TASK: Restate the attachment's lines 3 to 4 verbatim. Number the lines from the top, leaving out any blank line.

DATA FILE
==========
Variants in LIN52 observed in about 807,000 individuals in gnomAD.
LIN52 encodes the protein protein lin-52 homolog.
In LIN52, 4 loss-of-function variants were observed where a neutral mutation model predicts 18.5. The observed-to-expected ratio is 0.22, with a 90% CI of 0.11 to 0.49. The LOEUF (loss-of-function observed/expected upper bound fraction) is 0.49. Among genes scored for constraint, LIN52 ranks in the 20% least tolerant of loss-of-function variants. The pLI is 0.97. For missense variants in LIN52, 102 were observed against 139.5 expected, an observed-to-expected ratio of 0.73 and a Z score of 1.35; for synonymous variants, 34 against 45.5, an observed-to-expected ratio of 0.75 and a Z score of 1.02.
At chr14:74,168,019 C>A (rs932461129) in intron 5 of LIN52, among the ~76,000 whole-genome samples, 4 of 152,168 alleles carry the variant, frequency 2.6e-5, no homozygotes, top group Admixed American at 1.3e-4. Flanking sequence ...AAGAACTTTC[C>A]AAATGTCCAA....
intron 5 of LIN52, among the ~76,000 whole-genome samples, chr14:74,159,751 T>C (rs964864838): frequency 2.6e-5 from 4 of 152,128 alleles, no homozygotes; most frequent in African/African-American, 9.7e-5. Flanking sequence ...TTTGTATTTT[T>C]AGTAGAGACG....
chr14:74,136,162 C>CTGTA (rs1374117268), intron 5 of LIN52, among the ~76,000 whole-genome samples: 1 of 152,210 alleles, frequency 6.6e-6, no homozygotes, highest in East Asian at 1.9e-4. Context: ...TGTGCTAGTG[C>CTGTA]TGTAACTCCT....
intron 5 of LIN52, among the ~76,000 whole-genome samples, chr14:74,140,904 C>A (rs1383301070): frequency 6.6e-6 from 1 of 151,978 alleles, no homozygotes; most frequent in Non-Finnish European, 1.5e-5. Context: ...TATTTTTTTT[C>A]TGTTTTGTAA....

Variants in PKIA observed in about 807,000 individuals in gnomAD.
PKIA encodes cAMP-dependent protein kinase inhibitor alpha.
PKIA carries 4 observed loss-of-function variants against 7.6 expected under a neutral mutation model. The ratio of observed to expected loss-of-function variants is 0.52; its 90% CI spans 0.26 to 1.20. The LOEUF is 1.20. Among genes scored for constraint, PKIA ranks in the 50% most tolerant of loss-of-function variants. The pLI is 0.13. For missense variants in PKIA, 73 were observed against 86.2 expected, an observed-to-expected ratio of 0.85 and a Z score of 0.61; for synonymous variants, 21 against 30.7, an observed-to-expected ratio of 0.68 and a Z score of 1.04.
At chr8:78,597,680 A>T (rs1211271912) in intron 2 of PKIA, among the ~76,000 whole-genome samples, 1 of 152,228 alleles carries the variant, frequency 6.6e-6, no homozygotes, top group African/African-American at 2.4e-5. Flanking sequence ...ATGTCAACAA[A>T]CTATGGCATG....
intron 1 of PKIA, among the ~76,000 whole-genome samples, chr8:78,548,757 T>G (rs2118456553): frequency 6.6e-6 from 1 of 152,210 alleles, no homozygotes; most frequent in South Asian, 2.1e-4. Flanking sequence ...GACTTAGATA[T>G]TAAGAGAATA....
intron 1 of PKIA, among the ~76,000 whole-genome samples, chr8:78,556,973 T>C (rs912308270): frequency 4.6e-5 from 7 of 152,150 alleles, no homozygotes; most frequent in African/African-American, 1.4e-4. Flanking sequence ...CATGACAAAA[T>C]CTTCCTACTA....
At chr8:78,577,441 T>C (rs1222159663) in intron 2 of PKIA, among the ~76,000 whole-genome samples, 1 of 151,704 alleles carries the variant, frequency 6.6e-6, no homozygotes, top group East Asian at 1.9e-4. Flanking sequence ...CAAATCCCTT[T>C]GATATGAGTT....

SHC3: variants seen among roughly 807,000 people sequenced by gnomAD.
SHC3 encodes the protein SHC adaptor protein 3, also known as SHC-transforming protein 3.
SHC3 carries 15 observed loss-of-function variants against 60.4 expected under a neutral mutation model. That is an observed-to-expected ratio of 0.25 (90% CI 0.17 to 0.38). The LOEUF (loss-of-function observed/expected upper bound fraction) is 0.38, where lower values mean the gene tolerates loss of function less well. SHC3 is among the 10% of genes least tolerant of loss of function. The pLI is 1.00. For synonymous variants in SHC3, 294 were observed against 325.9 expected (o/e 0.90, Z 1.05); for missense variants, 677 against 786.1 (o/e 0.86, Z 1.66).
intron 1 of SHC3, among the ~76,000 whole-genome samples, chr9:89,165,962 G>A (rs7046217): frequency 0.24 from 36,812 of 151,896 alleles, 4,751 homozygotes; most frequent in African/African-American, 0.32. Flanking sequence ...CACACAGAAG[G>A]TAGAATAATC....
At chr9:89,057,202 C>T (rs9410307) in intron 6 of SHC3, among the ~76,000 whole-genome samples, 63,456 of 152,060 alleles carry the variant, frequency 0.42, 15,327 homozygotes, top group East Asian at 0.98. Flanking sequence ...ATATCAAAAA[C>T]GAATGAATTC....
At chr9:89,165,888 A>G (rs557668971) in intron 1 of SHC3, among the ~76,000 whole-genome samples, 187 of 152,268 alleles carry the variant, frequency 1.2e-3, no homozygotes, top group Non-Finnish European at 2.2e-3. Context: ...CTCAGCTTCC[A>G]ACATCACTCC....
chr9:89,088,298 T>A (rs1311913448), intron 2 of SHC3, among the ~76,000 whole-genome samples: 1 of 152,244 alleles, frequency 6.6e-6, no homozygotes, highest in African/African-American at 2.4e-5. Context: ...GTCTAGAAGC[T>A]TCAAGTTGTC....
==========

In LIN52, 4 loss-of-function variants were observed where a neutral mutation model predicts 18.5. The observed-to-expected ratio is 0.22, with a 90% CI of 0.11 to 0.49. The LOEUF (loss-of-function observed/expected upper bound fraction) is 0.49. Among genes scored for constraint, LIN52 ranks in the 20% least tolerant of loss-of-function variants. The pLI is 0.97. For missense variants in LIN52, 102 were observed against 139.5 expected, an observed-to-expected ratio of 0.73 and a Z score of 1.35; for synonymous variants, 34 against 45.5, an observed-to-expected ratio of 0.75 and a Z score of 1.02.
At chr14:74,168,019 C>A (rs932461129) in intron 5 of LIN52, among the ~76,000 whole-genome samples, 4 of 152,168 alleles carry the variant, frequency 2.6e-5, no homozygotes, top group Admixed American at 1.3e-4. Flanking sequence ...AAGAACTTTC[C>A]AAATGTCCAA....